Thursday, September 11, 2008

ITS State Tour #1: Alabama (Part 1)

Alabama is where I have lived longer than anywhere else, therefore I may be more opinionated than intended, but I will try to refrain. I lived in Alabama 24 years including my time studying Civil Engineering at Auburn and working for Intergraph in Huntsville. Like other smaller states, Alabama is not as far along in implementing ITS as some of its neighbors such as Georgia or even Tennessee. This is not necessarily critical; ITS is a need-driven technology and other states have traffic issues in greater numbers than Alabama. I would suggest that there are three distinct types of freeways in Alabama which would suggest three types of ITS solutions.

One is the urban areas which include the big 4: Birmingham, Mobile, Montgomery and Huntsville.

Another is the heavier traveled freeways: I-65 from the Tennessee line to Montgomery and I-20 from the Georgia line to Tuscaloosa (segments of each outside metro Birmingham) - much of these segments of freeway are already 6-laned or will be in the future.

Finally, there are the rural freeways which is everywhere else. It might be fair to include US 231 south of Montgomery to Florida and ALA 157 from Florence to Cullman as candidates for ITS since they are significant through routes even though they are not limited access. Hurricane evacuations are a special need for routes in the southern part of the state.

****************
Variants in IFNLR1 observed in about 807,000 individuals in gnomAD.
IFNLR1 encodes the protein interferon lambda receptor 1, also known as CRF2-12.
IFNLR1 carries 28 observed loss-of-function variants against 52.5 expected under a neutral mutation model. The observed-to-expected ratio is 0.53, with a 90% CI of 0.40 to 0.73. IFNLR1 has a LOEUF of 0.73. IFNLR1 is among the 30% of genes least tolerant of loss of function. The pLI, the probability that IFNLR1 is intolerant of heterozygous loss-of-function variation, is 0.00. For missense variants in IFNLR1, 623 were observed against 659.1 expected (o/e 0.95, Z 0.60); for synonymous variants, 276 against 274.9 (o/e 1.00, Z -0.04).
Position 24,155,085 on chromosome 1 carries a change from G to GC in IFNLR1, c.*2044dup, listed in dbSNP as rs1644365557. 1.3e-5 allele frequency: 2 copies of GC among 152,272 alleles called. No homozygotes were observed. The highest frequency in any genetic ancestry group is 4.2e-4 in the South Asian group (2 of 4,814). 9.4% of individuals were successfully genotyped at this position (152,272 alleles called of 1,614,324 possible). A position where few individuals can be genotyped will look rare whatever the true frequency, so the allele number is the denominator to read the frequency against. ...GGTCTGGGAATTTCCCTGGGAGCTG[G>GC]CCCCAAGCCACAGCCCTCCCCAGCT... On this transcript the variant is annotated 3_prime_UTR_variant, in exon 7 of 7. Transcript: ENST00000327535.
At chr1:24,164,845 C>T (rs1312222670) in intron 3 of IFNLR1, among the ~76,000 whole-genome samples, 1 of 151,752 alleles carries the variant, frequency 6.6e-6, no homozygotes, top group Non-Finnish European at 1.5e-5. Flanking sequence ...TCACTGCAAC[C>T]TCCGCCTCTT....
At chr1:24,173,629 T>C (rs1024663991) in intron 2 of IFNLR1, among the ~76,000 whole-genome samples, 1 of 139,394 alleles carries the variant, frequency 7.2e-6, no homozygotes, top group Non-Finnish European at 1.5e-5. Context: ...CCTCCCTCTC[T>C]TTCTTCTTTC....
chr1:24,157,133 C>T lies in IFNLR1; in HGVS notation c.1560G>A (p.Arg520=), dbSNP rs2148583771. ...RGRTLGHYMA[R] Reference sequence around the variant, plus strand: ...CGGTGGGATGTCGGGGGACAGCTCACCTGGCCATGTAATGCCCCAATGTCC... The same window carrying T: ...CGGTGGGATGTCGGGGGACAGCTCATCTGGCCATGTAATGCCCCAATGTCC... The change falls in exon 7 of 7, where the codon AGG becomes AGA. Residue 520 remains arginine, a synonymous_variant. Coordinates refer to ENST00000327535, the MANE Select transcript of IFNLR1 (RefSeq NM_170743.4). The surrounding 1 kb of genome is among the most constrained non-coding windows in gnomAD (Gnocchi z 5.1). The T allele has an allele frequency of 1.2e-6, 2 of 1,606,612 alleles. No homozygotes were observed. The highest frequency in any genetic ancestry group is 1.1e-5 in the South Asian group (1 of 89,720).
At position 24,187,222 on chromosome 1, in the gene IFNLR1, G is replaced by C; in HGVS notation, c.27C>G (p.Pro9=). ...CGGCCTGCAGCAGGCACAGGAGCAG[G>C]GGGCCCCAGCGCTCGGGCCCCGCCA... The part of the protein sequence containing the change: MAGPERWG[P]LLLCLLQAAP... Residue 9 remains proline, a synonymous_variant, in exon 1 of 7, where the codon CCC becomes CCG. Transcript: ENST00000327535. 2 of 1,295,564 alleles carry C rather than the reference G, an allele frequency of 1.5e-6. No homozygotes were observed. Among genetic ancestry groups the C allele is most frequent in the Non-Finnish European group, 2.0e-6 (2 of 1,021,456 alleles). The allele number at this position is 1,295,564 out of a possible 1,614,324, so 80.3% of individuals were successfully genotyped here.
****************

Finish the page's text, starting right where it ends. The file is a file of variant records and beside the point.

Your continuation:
Next post - links to web sites related to ITS in Alabama.


Anonymous Amrinder Arora said...

You are spot on to point out that ITS is a needs based technology, and that it isn't necessarily a problem if Alabama doesn't have as many ITS projects as perhaps the entire states.

Seems like a straight forward fact, still overlooked many times.

Also, one can note that sometimes not being an early mover can be a good thing, and to implement technology when it has been proven elsewhere and the costs have come down as well.

1:53 AM  

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